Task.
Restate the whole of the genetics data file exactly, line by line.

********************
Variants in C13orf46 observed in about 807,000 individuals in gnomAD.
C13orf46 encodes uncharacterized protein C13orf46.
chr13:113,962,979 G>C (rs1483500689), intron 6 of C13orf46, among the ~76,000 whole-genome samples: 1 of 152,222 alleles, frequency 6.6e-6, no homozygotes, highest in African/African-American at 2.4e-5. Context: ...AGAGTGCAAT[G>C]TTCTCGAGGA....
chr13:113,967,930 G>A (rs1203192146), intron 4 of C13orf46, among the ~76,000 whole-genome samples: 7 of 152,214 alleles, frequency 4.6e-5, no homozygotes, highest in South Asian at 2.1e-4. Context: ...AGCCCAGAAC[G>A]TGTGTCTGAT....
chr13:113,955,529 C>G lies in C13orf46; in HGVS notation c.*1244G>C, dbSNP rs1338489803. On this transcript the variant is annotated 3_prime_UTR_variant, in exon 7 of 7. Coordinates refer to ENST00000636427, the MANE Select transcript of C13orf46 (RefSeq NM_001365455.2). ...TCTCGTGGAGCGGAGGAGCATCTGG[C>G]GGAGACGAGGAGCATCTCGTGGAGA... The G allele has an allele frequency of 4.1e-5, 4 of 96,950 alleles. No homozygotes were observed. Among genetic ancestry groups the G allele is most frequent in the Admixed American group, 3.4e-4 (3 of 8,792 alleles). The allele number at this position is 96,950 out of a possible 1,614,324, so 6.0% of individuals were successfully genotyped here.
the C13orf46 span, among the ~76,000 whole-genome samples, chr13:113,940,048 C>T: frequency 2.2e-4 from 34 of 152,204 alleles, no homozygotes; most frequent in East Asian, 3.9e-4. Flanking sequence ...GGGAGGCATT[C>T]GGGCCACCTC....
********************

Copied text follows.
Variants in C13orf46 observed in about 807,000 individuals in gnomAD.
C13orf46 encodes uncharacterized protein C13orf46.
chr13:113,962,979 G>C (rs1483500689), intron 6 of C13orf46, among the ~76,000 whole-genome samples: 1 of 152,222 alleles, frequency 6.6e-6, no homozygotes, highest in African/African-American at 2.4e-5. Context: ...AGAGTGCAAT[G>C]TTCTCGAGGA....
chr13:113,967,930 G>A (rs1203192146), intron 4 of C13orf46, among the ~76,000 whole-genome samples: 7 of 152,214 alleles, frequency 4.6e-5, no homozygotes, highest in South Asian at 2.1e-4. Context: ...AGCCCAGAAC[G>A]TGTGTCTGAT....
chr13:113,955,529 C>G lies in C13orf46; in HGVS notation c.*1244G>C, dbSNP rs1338489803. On this transcript the variant is annotated 3_prime_UTR_variant, in exon 7 of 7. Coordinates refer to ENST00000636427, the MANE Select transcript of C13orf46 (RefSeq NM_001365455.2). ...TCTCGTGGAGCGGAGGAGCATCTGG[C>G]GGAGACGAGGAGCATCTCGTGGAGA... The G allele has an allele frequency of 4.1e-5, 4 of 96,950 alleles. No homozygotes were observed. Among genetic ancestry groups the G allele is most frequent in the Admixed American group, 3.4e-4 (3 of 8,792 alleles). The allele number at this position is 96,950 out of a possible 1,614,324, so 6.0% of individuals were successfully genotyped here.
the C13orf46 span, among the ~76,000 whole-genome samples, chr13:113,940,048 C>T: frequency 2.2e-4 from 34 of 152,204 alleles, no homozygotes; most frequent in East Asian, 3.9e-4. Flanking sequence ...GGGAGGCATT[C>T]GGGCCACCTC....